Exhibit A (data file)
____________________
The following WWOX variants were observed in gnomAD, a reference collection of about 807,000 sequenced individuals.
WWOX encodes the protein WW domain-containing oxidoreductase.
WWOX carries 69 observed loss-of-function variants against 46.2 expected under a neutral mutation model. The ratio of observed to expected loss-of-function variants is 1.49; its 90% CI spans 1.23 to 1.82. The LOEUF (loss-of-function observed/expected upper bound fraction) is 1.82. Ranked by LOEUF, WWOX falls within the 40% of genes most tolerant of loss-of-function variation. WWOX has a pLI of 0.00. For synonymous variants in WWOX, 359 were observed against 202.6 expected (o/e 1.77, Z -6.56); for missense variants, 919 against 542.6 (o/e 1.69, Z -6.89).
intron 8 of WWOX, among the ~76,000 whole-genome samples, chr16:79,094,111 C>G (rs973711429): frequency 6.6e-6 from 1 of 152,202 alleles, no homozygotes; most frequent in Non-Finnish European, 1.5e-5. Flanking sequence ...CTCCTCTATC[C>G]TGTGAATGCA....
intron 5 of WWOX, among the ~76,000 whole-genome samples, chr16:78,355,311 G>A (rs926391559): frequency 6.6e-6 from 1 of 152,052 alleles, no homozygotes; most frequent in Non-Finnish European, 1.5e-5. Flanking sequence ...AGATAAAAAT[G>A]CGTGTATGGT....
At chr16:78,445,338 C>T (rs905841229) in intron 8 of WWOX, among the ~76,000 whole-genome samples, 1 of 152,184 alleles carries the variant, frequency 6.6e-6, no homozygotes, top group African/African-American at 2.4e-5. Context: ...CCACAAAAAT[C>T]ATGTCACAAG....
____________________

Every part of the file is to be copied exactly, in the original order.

The following WWOX variants were observed in gnomAD, a reference collection of about 807,000 sequenced individuals.
WWOX encodes the protein WW domain-containing oxidoreductase.
WWOX carries 69 observed loss-of-function variants against 46.2 expected under a neutral mutation model. The ratio of observed to expected loss-of-function variants is 1.49; its 90% CI spans 1.23 to 1.82. The LOEUF (loss-of-function observed/expected upper bound fraction) is 1.82. Ranked by LOEUF, WWOX falls within the 40% of genes most tolerant of loss-of-function variation. WWOX has a pLI of 0.00. For synonymous variants in WWOX, 359 were observed against 202.6 expected (o/e 1.77, Z -6.56); for missense variants, 919 against 542.6 (o/e 1.69, Z -6.89).
intron 8 of WWOX, among the ~76,000 whole-genome samples, chr16:79,094,111 C>G (rs973711429): frequency 6.6e-6 from 1 of 152,202 alleles, no homozygotes; most frequent in Non-Finnish European, 1.5e-5. Flanking sequence ...CTCCTCTATC[C>G]TGTGAATGCA....
intron 5 of WWOX, among the ~76,000 whole-genome samples, chr16:78,355,311 G>A (rs926391559): frequency 6.6e-6 from 1 of 152,052 alleles, no homozygotes; most frequent in Non-Finnish European, 1.5e-5. Flanking sequence ...AGATAAAAAT[G>A]CGTGTATGGT....
At chr16:78,445,338 C>T (rs905841229) in intron 8 of WWOX, among the ~76,000 whole-genome samples, 1 of 152,184 alleles carries the variant, frequency 6.6e-6, no homozygotes, top group African/African-American at 2.4e-5. Context: ...CCACAAAAAT[C>T]ATGTCACAAG....